State says it didnt know about insurance software manipulation
The S.C. Department of Insurance wasn’t aware that an insurer could have manipulated software in South Carolina to boost profits by lowering payments for injury claims.
Storm of Money coverage
For interactive maps, tools and past stories on insurance issues, go to postandcourier.com/storm-of-money.
The department, however, is part of a multi-state effort to study Allstate’s use of a computer program called Colossus, Ann Roberson, an executive assistant with the department, said Thursday.
On Sunday, The Post and Courier reported that the program had been “tuned” in the early 2000s to reduce settlements for claims made to Allstate’s Encompass division in South Carolina.
Roberson said agency staffers had no knowledge of this situation but that they searched files for complaints about Allstate and Colossus and didn’t find any.
She said the department is part of a group of states looking at Allstate’s use of Colossus, and that the agency hasn’t ruled out anything. “We will see this process through and if warranted take the necessary actions.”
J. Robert Hunter, director of insurance for the Consumer Federation of America, urged the department to do its own probe.
“Every state has the absolute duty to regulate unfair claims payments in their state,” he said, pointing to a state law that prohibits insurers from settling claims “for an amount less than the amount otherwise reasonably due.”
Hunter said misuse of Colossus would violate this statute. “The department is supposed to enforce the law and with what they now know, must act in my estimation.”
The company that owns Colossus, CSC, said it leaves adjustments to its program up to insurance companies.
Allstate said in statements to the newspaper that it uses Colossus to more efficiently handle claims, and that state regulators took an in-depth look at its Colossus procedures and policies in 2010 and found no violations of state statutes.
Sunday’s story outlined how insurance companies increasingly use computer programs to help determine how much people get paid for injury claims. Critics call these programs “black boxes” because their inner workings are cloaked in secrecy.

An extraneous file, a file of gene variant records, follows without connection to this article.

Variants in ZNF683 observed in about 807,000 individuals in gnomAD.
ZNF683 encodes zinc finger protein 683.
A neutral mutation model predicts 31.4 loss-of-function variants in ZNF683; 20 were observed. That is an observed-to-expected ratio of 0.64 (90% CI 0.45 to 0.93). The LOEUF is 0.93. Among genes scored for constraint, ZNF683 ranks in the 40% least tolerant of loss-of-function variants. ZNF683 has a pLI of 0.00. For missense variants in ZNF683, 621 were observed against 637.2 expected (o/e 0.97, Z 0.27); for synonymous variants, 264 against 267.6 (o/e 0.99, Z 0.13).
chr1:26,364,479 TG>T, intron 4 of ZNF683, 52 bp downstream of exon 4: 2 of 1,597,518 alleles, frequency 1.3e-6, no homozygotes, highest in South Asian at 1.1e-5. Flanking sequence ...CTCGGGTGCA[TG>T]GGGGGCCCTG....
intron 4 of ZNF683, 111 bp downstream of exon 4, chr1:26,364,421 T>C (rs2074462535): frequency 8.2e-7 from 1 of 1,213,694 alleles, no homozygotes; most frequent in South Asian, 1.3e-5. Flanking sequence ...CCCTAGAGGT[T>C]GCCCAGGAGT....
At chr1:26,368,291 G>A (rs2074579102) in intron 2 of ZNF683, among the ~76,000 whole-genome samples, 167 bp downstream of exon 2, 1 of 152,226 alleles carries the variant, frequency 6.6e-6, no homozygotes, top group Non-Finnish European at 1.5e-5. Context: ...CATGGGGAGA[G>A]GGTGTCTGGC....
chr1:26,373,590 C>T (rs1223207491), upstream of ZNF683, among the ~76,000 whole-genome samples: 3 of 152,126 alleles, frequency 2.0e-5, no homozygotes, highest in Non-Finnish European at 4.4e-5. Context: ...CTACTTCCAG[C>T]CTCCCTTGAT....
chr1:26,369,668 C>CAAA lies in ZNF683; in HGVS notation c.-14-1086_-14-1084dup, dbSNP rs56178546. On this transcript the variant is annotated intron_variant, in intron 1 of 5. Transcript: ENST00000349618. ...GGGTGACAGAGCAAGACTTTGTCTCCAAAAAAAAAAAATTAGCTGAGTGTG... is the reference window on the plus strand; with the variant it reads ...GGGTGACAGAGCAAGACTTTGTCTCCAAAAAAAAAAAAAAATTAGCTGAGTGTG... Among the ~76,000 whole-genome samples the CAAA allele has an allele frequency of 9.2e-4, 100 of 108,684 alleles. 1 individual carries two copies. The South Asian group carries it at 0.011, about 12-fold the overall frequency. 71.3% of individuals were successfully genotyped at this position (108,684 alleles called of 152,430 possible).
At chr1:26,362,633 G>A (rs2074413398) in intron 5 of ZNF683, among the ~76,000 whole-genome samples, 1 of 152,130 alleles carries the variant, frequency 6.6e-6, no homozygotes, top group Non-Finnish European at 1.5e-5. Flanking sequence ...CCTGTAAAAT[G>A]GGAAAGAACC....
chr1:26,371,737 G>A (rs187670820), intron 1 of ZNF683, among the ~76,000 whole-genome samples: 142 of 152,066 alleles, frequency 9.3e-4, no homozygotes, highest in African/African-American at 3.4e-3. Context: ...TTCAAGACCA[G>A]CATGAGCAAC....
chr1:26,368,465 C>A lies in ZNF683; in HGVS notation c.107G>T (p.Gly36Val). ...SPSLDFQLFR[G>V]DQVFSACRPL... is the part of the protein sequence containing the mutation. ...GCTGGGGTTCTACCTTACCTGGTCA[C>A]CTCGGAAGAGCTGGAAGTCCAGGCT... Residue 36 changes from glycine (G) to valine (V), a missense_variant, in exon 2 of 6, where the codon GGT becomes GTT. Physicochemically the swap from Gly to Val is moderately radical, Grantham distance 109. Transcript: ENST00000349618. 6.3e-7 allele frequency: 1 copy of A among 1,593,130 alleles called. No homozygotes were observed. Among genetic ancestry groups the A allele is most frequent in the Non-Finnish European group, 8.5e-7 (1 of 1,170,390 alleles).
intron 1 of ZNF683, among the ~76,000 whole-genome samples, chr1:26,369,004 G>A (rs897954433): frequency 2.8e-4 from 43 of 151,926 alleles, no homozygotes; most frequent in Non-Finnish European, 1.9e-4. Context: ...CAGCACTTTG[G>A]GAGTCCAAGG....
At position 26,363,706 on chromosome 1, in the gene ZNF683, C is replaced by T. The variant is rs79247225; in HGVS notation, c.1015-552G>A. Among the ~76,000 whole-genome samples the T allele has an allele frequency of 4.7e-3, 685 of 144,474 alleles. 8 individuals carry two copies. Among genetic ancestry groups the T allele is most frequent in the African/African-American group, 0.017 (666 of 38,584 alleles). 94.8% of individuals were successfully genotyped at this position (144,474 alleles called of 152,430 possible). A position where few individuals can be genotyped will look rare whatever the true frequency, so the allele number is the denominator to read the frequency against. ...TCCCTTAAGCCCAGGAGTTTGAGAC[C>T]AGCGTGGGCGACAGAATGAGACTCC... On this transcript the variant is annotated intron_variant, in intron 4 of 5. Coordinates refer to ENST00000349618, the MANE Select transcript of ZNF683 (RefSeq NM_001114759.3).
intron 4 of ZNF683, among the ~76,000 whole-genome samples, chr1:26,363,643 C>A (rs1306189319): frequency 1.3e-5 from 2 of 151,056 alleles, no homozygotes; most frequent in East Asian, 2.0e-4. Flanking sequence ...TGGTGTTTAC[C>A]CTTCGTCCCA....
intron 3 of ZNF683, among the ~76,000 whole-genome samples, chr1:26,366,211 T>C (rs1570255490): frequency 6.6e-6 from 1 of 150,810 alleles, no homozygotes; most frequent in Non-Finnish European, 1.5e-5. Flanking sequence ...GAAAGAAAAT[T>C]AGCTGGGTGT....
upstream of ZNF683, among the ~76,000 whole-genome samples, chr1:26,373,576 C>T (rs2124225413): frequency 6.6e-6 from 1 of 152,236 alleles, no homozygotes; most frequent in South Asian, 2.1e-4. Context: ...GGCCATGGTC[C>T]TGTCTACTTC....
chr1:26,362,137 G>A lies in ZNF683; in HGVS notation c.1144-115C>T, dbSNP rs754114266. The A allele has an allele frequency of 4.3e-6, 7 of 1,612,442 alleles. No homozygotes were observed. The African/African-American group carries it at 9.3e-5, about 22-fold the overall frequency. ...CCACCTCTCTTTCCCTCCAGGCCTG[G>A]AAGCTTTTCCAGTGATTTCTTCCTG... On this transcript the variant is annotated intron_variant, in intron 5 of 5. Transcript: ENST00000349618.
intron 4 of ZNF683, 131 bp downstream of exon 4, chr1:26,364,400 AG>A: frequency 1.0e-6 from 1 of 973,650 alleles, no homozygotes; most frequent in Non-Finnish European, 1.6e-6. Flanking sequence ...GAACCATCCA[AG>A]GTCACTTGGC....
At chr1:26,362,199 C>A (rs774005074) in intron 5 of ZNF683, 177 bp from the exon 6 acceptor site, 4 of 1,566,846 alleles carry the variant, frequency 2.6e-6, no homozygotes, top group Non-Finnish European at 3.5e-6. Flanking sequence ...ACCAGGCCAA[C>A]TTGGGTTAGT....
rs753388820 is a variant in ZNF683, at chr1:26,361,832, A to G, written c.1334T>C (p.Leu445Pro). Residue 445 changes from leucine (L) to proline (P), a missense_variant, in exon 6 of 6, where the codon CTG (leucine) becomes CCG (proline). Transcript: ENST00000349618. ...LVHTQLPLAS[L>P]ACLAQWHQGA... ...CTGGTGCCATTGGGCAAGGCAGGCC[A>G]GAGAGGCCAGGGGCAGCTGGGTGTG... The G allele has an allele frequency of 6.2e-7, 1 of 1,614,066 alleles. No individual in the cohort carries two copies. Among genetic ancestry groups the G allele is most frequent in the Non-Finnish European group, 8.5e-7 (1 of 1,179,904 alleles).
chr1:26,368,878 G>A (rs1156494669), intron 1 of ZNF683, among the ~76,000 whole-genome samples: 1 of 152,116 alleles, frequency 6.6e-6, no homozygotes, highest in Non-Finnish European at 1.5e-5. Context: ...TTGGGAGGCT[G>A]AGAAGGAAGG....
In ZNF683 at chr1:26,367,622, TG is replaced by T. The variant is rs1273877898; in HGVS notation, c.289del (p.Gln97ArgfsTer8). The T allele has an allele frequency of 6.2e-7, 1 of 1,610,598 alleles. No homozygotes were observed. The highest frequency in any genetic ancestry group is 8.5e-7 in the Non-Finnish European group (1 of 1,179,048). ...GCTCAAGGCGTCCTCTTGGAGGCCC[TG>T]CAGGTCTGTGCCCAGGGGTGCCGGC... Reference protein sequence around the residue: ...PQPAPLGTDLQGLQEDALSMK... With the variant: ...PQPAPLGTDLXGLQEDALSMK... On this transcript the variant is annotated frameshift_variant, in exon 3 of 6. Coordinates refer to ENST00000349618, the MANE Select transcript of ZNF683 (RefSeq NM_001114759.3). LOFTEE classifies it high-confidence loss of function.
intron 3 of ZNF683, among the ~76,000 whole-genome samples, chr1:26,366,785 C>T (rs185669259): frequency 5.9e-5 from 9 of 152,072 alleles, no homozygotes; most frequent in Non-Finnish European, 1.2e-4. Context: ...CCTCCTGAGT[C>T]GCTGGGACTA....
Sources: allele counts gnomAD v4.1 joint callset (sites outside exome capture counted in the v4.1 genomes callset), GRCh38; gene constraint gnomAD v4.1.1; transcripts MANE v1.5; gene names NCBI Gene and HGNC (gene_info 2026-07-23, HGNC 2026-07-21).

The report documented how a former high-level Allstate employee, Mark Romano, “tuned” Colossus to dramatically reduce payouts to South Carolinians seeking money for injury claims.
Romano said Allstate’s Encompass division in 2000 divided South Carolina into two territories, one called “Charleston” and another dubbed “Palmetto” for a region outside the Charleston area. By adjusting Colossus, payments for claims in the Charleston region could be reduced by 57 percent from previous levels and 18 percent in the Palmetto region.
Romano eventually left Allstate and became a consumer advocate with the Consumer Federation of America.
In 2010, New York, Florida and other state insurance regulators examined Allstate’s use of Colossus, an investigation that was done in coordination with the National Association of Insurance Commissioners. The investigation resulted in a $10 million fine and an agreement by Allstate to change some of its Colossus procedures.
Roberson said the new examination is a “follow-up” to the 2010 investigation, and that the department is “part of the exam process.”
Romano has been critical of the original NAIC examination.
“The exam focused almost exclusively on the tuning process of the software,” he said Sunday during an NAIC meeting in Washington, D.C. “The tuning data that was reviewed for this exam came from me.”
But the NAIC investigators never contacted him. He urged regulators to take a deeper look at these computer programs. “If not, insurers are free to continue to take advantage of the public.”
Reach Tony Bartelme at 937-5554.